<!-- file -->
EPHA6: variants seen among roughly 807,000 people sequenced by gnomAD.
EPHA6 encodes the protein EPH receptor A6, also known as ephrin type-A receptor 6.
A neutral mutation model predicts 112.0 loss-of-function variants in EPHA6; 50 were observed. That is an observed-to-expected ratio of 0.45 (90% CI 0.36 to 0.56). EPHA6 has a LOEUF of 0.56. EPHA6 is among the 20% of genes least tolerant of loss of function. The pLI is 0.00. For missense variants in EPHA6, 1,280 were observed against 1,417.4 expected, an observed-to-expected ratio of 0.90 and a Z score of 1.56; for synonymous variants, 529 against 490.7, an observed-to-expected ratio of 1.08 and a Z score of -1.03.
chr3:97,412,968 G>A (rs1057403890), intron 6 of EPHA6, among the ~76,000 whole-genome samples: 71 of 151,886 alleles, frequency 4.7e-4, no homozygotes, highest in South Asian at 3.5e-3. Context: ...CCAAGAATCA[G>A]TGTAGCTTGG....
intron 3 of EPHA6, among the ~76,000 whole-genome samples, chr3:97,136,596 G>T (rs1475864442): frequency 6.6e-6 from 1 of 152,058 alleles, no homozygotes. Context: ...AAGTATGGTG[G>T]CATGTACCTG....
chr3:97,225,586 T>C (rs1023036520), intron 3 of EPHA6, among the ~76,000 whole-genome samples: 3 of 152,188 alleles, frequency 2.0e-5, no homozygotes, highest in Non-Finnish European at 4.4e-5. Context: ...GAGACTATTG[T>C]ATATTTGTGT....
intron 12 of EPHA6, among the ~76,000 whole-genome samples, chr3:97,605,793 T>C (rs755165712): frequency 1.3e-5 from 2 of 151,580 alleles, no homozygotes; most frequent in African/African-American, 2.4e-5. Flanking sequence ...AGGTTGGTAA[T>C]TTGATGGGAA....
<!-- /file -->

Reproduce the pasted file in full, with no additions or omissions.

EPHA6: variants seen among roughly 807,000 people sequenced by gnomAD.
EPHA6 encodes the protein EPH receptor A6, also known as ephrin type-A receptor 6.
A neutral mutation model predicts 112.0 loss-of-function variants in EPHA6; 50 were observed. That is an observed-to-expected ratio of 0.45 (90% CI 0.36 to 0.56). EPHA6 has a LOEUF of 0.56. EPHA6 is among the 20% of genes least tolerant of loss of function. The pLI is 0.00. For missense variants in EPHA6, 1,280 were observed against 1,417.4 expected, an observed-to-expected ratio of 0.90 and a Z score of 1.56; for synonymous variants, 529 against 490.7, an observed-to-expected ratio of 1.08 and a Z score of -1.03.
chr3:97,412,968 G>A (rs1057403890), intron 6 of EPHA6, among the ~76,000 whole-genome samples: 71 of 151,886 alleles, frequency 4.7e-4, no homozygotes, highest in South Asian at 3.5e-3. Context: ...CCAAGAATCA[G>A]TGTAGCTTGG....
intron 3 of EPHA6, among the ~76,000 whole-genome samples, chr3:97,136,596 G>T (rs1475864442): frequency 6.6e-6 from 1 of 152,058 alleles, no homozygotes. Context: ...AAGTATGGTG[G>T]CATGTACCTG....
chr3:97,225,586 T>C (rs1023036520), intron 3 of EPHA6, among the ~76,000 whole-genome samples: 3 of 152,188 alleles, frequency 2.0e-5, no homozygotes, highest in Non-Finnish European at 4.4e-5. Context: ...GAGACTATTG[T>C]ATATTTGTGT....
intron 12 of EPHA6, among the ~76,000 whole-genome samples, chr3:97,605,793 T>C (rs755165712): frequency 1.3e-5 from 2 of 151,580 alleles, no homozygotes; most frequent in African/African-American, 2.4e-5. Flanking sequence ...AGGTTGGTAA[T>C]TTGATGGGAA....